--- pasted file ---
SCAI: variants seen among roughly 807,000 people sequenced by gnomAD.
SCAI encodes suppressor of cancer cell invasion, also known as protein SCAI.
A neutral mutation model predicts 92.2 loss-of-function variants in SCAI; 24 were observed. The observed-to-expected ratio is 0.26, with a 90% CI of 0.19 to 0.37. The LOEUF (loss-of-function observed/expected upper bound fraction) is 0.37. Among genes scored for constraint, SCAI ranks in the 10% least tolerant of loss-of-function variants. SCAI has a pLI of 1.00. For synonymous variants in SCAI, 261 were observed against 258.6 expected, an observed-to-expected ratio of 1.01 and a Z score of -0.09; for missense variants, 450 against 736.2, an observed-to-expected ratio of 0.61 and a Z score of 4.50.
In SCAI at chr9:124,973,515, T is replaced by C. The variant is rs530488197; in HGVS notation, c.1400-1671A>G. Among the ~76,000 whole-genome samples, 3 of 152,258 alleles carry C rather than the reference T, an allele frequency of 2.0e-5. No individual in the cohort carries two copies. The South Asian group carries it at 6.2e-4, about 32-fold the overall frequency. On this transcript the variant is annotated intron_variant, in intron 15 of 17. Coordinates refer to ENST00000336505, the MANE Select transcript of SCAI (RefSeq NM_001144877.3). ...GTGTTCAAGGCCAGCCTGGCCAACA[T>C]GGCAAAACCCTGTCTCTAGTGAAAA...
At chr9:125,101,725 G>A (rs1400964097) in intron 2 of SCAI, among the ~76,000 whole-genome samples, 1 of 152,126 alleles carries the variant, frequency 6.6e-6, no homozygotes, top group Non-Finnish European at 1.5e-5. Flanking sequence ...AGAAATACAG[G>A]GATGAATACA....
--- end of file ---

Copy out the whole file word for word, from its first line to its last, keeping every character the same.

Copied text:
SCAI: variants seen among roughly 807,000 people sequenced by gnomAD.
SCAI encodes suppressor of cancer cell invasion, also known as protein SCAI.
A neutral mutation model predicts 92.2 loss-of-function variants in SCAI; 24 were observed. The observed-to-expected ratio is 0.26, with a 90% CI of 0.19 to 0.37. The LOEUF (loss-of-function observed/expected upper bound fraction) is 0.37. Among genes scored for constraint, SCAI ranks in the 10% least tolerant of loss-of-function variants. SCAI has a pLI of 1.00. For synonymous variants in SCAI, 261 were observed against 258.6 expected, an observed-to-expected ratio of 1.01 and a Z score of -0.09; for missense variants, 450 against 736.2, an observed-to-expected ratio of 0.61 and a Z score of 4.50.
In SCAI at chr9:124,973,515, T is replaced by C. The variant is rs530488197; in HGVS notation, c.1400-1671A>G. Among the ~76,000 whole-genome samples, 3 of 152,258 alleles carry C rather than the reference T, an allele frequency of 2.0e-5. No individual in the cohort carries two copies. The South Asian group carries it at 6.2e-4, about 32-fold the overall frequency. On this transcript the variant is annotated intron_variant, in intron 15 of 17. Coordinates refer to ENST00000336505, the MANE Select transcript of SCAI (RefSeq NM_001144877.3). ...GTGTTCAAGGCCAGCCTGGCCAACA[T>C]GGCAAAACCCTGTCTCTAGTGAAAA...
At chr9:125,101,725 G>A (rs1400964097) in intron 2 of SCAI, among the ~76,000 whole-genome samples, 1 of 152,126 alleles carries the variant, frequency 6.6e-6, no homozygotes, top group Non-Finnish European at 1.5e-5. Flanking sequence ...AGAAATACAG[G>A]GATGAATACA....